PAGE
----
Religious Affairs NCO guides U.S. Army Soldiers on tours through Polish history and culture

By Staff Sgt. Jameson HarrisApril 1, 2024

1 / 5 Show Caption + Hide Caption – (Photo Credit: Staff Sgt. Jameson Harris) VIEW ORIGINAL
2 / 5 Show Caption + Hide Caption – (Photo Credit: Staff Sgt. Jameson Harris) VIEW ORIGINAL
3 / 5 Show Caption + Hide Caption – (Photo Credit: Staff Sgt. Jameson Harris) VIEW ORIGINAL
4 / 5 Show Caption + Hide Caption – (Photo Credit: Staff Sgt. Jameson Harris) VIEW ORIGINAL
5 / 5 Show Caption + Hide Caption – (Photo Credit: Staff Sgt. Jameson Harris) VIEW ORIGINAL

In the corridors of a history museum in Poznan, Poland, lie numerous artifacts narrating vivid stories of Poland's rich history and culture. Native Polish residents routinely navigate these halls, encountering tangible remnants of their heritage intertwined with tales of war, revolution, and valor. A less frequent sight, however, is that of U.S. Army Soldiers stationed at Camp Kosciuszko in Poznan immersing themselves in the history of their allied nation. On March 15, 2024, Staff Sgt. John Mateja took on the responsibility of guiding these special visitors on a tour that helped expand their understanding of the country where they now serve.

Mateja serves as a religious affairs specialist in the Pennsylvania National Guard. When the opportunity came up to serve in Poznan, he immediately jumped at the chance. He currently serves as the religious affairs NCO of the U.S. Army Garrison Poland. His mission is to support the spiritual health and readiness of every Soldier within U.S. Army Garrison Poland and increase the wellness and morale throughout their formations.

“I gravitated to Poland immediately because my family immigrated from Poland over a century ago, so I’m deeply invested in the history there,” said Mateja. “My wife even has a family currently in Poland, so it felt good being able to be close to them.”

When Mateja first got to Poznan, he began assisting Sgt. 1st Class Dustin Thoele, who had taken the initiative to start a series of tours around Poznan to show Soldiers the local community. Because of his Polish background and love for history, Mateja quickly became an asset in supporting Theole for these tours. When it came time for Theole to leave Poland, Mateja naturally took charge and led the next tours. In his civilian line of work, he is a tour guide within the Education and Engagement Division at the Army Heritage and Education Center.

“Poland is often regarded as the ‘country too angry to die,’” said Mateja. “As U.S. Army Soldiers, we have a lot to learn from the places we go to in the military, especially Europe.”

Mateja concentrates on Poznan to stay close to Camp Kościuszko and minimize Soldiers' expenses. He has led tours at Fort VII, the Uprising Museum of the Wielkopolska Uprising of 1918-19, and the Museum of Armored Weapons. There, Soldiers got the chance to see the armored vehicles used during World War I, World War II, and the Polish-Soviet War.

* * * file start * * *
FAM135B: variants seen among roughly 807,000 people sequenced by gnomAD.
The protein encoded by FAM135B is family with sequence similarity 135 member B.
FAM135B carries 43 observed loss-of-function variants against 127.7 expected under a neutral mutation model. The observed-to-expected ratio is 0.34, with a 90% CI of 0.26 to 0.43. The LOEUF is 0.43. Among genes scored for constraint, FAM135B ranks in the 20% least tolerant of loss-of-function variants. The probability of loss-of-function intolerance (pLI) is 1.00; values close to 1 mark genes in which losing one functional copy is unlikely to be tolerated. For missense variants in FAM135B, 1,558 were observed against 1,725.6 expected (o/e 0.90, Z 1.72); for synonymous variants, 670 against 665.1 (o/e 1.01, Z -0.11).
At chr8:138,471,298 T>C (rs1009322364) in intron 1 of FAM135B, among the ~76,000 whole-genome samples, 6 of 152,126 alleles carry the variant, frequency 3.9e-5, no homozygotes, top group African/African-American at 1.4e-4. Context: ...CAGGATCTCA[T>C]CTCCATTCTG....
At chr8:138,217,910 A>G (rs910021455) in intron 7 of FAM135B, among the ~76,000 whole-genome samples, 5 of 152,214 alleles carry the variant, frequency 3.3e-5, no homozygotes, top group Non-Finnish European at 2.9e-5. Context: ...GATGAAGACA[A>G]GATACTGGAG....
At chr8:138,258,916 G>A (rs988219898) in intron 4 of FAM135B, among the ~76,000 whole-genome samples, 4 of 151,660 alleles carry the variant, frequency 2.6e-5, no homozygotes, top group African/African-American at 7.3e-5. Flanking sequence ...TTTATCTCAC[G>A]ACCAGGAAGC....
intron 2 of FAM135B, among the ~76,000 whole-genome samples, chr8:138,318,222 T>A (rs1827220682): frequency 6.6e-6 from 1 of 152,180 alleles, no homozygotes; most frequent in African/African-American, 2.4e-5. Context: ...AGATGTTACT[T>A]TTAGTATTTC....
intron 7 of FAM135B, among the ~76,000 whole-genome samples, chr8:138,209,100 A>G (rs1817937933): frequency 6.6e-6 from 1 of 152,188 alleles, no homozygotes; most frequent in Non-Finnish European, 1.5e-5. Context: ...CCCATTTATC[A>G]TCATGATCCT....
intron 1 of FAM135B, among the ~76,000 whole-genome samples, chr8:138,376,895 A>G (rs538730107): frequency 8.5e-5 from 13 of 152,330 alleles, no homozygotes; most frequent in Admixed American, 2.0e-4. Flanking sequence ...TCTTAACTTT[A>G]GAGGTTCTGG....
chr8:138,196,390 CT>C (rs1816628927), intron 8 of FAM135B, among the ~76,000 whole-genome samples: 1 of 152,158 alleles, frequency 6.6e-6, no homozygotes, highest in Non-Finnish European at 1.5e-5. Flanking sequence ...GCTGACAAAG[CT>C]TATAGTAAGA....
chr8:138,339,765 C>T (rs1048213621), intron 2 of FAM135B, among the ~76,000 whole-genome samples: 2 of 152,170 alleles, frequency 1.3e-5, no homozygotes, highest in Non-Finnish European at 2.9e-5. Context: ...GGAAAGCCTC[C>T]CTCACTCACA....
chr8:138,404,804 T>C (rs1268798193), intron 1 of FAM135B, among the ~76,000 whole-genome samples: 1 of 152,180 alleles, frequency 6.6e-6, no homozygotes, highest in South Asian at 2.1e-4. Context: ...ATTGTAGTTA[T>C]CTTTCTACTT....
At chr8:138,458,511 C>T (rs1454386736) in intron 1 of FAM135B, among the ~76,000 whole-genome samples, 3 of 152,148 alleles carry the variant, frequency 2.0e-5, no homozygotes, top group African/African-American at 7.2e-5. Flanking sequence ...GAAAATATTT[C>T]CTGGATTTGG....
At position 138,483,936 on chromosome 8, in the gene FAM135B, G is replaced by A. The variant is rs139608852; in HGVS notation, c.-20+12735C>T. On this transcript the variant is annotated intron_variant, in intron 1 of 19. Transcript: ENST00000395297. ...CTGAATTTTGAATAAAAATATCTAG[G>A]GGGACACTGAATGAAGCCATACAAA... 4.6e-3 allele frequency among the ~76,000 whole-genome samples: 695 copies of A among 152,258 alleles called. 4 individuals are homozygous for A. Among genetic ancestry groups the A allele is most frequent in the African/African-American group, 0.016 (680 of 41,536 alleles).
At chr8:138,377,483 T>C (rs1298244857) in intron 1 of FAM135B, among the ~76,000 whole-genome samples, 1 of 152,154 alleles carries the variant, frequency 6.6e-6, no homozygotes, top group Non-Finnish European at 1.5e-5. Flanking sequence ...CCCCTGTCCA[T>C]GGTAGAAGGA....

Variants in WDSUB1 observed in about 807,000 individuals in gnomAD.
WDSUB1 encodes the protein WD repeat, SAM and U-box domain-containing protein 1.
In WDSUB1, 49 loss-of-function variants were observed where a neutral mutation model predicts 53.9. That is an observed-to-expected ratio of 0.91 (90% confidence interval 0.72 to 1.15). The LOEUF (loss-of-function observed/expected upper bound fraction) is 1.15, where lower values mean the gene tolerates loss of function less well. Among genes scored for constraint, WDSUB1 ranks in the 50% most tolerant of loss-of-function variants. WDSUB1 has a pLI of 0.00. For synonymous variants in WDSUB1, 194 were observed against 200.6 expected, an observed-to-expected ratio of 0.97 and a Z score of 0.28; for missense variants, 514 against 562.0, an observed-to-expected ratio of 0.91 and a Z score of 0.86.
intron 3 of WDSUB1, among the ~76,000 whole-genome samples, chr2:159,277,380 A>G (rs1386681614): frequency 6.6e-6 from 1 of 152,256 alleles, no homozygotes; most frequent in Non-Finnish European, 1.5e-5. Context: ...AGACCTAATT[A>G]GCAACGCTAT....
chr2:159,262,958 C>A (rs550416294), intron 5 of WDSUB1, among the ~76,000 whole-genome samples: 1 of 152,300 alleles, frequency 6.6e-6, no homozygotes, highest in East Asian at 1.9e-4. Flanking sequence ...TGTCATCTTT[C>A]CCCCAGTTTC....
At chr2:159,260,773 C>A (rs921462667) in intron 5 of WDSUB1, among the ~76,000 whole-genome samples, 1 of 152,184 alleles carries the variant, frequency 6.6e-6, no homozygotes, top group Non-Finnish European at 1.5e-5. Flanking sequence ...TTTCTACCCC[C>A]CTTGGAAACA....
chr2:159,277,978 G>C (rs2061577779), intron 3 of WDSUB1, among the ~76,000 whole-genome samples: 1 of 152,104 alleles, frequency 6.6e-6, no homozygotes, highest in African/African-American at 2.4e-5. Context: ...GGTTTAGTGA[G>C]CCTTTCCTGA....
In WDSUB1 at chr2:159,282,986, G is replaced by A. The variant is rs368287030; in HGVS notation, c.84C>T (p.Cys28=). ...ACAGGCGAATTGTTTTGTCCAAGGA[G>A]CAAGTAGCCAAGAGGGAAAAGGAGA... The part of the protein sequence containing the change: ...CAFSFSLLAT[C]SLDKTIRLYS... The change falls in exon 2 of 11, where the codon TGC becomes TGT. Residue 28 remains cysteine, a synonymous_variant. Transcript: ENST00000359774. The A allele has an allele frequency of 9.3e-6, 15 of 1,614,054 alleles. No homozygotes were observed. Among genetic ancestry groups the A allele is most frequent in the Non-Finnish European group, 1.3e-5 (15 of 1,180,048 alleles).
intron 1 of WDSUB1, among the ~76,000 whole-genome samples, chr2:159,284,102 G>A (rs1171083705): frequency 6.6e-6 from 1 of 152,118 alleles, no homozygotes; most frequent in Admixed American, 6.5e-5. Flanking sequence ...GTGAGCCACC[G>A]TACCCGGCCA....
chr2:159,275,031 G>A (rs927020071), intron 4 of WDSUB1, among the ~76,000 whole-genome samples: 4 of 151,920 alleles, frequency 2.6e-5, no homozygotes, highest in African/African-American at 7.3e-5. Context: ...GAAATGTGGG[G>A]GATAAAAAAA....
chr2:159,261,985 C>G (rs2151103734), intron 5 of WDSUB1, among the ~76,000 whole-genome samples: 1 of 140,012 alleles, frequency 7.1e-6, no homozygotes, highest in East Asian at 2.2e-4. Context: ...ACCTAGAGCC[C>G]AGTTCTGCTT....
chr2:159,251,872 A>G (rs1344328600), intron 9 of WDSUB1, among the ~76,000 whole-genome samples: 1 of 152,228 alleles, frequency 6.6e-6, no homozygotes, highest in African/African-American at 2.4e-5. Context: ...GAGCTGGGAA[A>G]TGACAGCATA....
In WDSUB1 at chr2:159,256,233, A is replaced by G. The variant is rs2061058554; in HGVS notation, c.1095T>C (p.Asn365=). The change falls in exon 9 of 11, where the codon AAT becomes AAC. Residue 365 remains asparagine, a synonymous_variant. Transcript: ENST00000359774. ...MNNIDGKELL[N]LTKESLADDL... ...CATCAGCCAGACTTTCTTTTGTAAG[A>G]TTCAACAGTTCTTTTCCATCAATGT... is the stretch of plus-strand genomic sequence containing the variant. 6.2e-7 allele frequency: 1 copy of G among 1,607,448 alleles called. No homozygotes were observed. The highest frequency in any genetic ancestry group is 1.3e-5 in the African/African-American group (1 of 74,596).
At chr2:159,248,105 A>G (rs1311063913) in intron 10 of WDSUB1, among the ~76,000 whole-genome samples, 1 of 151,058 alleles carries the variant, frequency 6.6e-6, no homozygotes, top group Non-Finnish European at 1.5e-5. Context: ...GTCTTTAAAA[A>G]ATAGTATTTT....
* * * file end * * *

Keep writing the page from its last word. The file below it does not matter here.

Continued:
At Fort VII, Mateja walked attendees through the first Nazi concentration camp established in occupied Poland. Every step Mateja took in the historical site was at one time preceded by hundreds of Polish residents who needed every ounce of spiritual resilience to endure.

“This was the first concentration camp I ever got a chance to tour myself,” said Mateja. “It was an honor to have the opportunity to provide Soldiers here the same impactful experience.”

U.S. Army Capt. Randy Burdeaux, a chaplain assigned to the 773rd Military Police Battalion, found Fort VII a valuable experience for him and the rest of the battalion's Soldiers. What was immediately noteworthy was Mateja’s knowledge and expertise of history. He confidently led the whole battalion through the camp.

“He provided a great moment of cultural immersion for our Soldiers to better understand why we were in the country supporting aid to our European Allies,” said Burdeaux.

One narrative that resonated with Mateja is the camaraderie forged among the prisoners amid adversity. During holidays, they would softly harmonize Christmas carols together, striving to maintain the festive atmosphere. The walls of the fort's cells bear countless etchings of names belonging to those who were incarcerated. For numerous families, these inscriptions served as the sole confirmation of their relatives' presence within those walls.

“I think it’s important for Soldiers to see firsthand what the U.S. Army has stood against in history so they can be proud they serve in the same uniform,” said Mateja. “The staff of Fort VII were extremely appreciative that we were bringing American Soldiers to this place.”

“I throw all my energy into each tour,” Mateja continued. “From start to finish, I work to make sure every Soldier who comes along is interested and invested in every single bit of history around them. When I come back to base, I am always completely exhausted, but there’s no better use of my energy than doing this.”

For V Corps and U.S. Army Garrison Poland, every Soldier within its formations that Mateja guides on these tours has a heightened understanding and appreciation for their partner nation’s history. Through this, Mateja supports the U.S. Army’s mission to build strong partnerships with the Polish.

“It has been a long-time dream for me to come to Poland and share the appreciation for history with others,” said Mateja. “It has been such a privilege to be able to tie that back with V Corps and Garrison’s mission here.”